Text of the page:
Institutes & Centers

Institute for Earth Observation - Earth Observation for Environmental Monitoring

Earth Observation for Environmental Monitoring

  • Deutsch
  • English
  • Italiano

The main objective of our work is to apply Earth Observation (EO) techniques to monitor and understand key environmental processes such as water cycles or vegetation dynamics in mountain regions. We exploit satellite imagery in combination with climate and in-situ data using advanced methodologies and physically based models to better understand and predict processes such as snow melt, run-off, or vegetation phenology. The results enable us to provide highly accurate, reliable, and customized methodologies and products, which are shared with the scientific community and users of Alpine services.

© Eurac Research


The cryosphere research line aims at developing new methods to monitor the alpine cryosphere by combining optical and radar satellite images with in-situ meteorological observations and snow model simulations. The application of these new methods allows us to better understand the processes related to cryosphere dynamics thus improving the management of the water resources e.g., snow water equivalent estimation and the related risks e.g., permafrost deformation.

© Eurac Research

Water resources monitoring for agriculture and hydrology

We estimate soil moisture, evapotranspiration, and combined biophysical/meteorological indices using satellite data, physical and machine learning models, and ground observations. Our aim is to contribute to the understanding of related processes and to develop applications related to water use, water availability and land-vegetation-atmosphere interactions in close collaboration with hydrological models and agricultural stakeholders.

© Eurac Research

Vegetation and Land-use Dynamics

Our research aims to monitor and understand the temporal dynamics and spatial distribution of highly variable mountain vegetation. Specifically, we focus on the mountain forests and grasslands that dominate the alpine environment. We use optical and radar data together with a variety of data from ground stations to monitor land-cover dynamics as well as bio-physical vegetation parameters at different scales in order to understand short and long-term impacts of climate and land use change.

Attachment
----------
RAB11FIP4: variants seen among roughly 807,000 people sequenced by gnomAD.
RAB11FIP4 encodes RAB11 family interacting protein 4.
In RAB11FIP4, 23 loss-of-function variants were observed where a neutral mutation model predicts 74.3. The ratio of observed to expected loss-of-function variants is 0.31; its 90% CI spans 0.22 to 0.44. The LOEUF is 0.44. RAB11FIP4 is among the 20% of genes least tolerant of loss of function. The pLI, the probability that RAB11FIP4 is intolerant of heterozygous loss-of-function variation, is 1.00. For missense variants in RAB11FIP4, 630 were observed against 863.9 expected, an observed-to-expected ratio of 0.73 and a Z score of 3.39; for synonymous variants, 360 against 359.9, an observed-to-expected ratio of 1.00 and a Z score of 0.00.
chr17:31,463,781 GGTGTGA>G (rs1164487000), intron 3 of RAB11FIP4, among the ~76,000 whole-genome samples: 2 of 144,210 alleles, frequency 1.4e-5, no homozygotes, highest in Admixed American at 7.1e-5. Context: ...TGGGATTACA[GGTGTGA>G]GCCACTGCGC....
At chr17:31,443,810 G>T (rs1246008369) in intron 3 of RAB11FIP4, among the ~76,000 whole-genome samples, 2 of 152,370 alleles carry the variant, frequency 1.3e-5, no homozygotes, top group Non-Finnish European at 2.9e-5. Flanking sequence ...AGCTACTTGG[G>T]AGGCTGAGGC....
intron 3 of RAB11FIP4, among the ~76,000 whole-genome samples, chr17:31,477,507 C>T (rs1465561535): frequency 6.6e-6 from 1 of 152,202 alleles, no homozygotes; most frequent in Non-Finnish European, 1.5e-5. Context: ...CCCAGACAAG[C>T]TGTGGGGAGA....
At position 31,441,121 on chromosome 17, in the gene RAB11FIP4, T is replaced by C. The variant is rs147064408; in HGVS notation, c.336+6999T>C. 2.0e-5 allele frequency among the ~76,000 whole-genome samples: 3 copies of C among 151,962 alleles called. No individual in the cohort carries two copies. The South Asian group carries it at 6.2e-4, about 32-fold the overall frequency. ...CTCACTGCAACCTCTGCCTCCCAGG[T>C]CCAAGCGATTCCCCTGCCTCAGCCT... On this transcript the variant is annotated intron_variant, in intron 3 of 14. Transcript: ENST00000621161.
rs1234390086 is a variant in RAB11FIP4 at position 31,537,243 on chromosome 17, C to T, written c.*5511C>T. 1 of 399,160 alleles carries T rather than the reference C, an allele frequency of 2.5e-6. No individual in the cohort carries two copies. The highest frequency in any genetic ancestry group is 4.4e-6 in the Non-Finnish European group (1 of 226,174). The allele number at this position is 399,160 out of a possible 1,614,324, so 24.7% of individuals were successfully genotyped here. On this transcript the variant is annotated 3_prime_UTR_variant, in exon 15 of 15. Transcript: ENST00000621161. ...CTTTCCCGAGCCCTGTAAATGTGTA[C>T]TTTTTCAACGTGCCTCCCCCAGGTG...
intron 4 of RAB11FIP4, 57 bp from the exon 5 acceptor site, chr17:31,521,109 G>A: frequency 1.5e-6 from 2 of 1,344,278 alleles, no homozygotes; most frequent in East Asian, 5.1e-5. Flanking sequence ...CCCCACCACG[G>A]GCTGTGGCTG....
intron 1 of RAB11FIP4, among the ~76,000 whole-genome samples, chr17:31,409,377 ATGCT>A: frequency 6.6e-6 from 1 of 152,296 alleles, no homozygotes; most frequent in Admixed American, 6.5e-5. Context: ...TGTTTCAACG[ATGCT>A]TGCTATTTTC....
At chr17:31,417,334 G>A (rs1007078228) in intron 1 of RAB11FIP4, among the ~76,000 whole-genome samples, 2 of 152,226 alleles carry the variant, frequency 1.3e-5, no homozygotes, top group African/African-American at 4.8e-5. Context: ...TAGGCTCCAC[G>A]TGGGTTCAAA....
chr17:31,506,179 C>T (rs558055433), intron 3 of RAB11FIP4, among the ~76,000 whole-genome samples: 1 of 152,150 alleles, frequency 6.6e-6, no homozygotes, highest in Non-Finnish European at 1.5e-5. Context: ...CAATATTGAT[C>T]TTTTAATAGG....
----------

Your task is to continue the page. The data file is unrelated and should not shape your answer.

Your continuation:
On the left is a snow-free surface. The satellite signal (red line) touches the ground and returns to the base following a linear path. Right: the snow deflects and interacts with the signal (blue line) which, in order to return to the satellite, takes a more complex route than it would have done had it not encountered the snow (dotted red line). © Eurac Research | Fabio Dalvit

1 - 5
Average area that is snow covered (snow cover fraction) in winter (December to February) and spring (March to May) for the present (2000-2020) and projected changes for the future (2071-2100). Present observations are based on 20 years of satellite observations, and future conditions based on an ensemble of regional climate models, which have been bias corrected using observations. The maps have a horizontal resolution of 12km, which corresponds to the resolution of the current generation of regional climate models.© Eurac Research - Michael Matiu
Trend analysis of snow depth for all sites in South Tyrol that have more or less complete records for the last four decades (1981-2020). The change in snow depth is determined via a linear regression analysis of monthly mean snow depth by year. Negative trends in red, positive trends in blue.© Eurac Research - Michael Matiu
Our researcher is measuring snow depth on the field in Schnalstal Valley (BZ), using a snow probe © Eurac Research - Peter James Zellner/Riccardo Barella
Our researcher is using a snow weigher tube to measure snow density and snow water equivalent in Schnalstal Valley (BZ). From this type of measurements it is possible to obtain the amount of water stored as snow, and to estimate the amount of water that will then flow downstream during the snowmelt period.© Eurac Research - Peter James Zellner/Riccardo Barella
On November 15, 2022, the winners of the Eureka! contest, organized by Mille e una Scienza Festival, spent a few hours with Claudia Notarnicola, who explained to them the usefulness of satellite imagery in relation to the environment and climate change© Eurac Research - Matthias Mühlberger
1 - 13

News & Events

1 - 1
Interview on the decline of mountain snow cover

Interview on the decline of mountain snow cover

Research Group Projects

1 - 9

Snow CCI+ Phase 2

CCI+ Phase 2 - New ECVs / Snow (ESA Climate Change Initiative on the essential climate variable ...

Duration: - Funding: ESA (International organisations ...

view all

Earth Observation for Environmental Monitoring Projects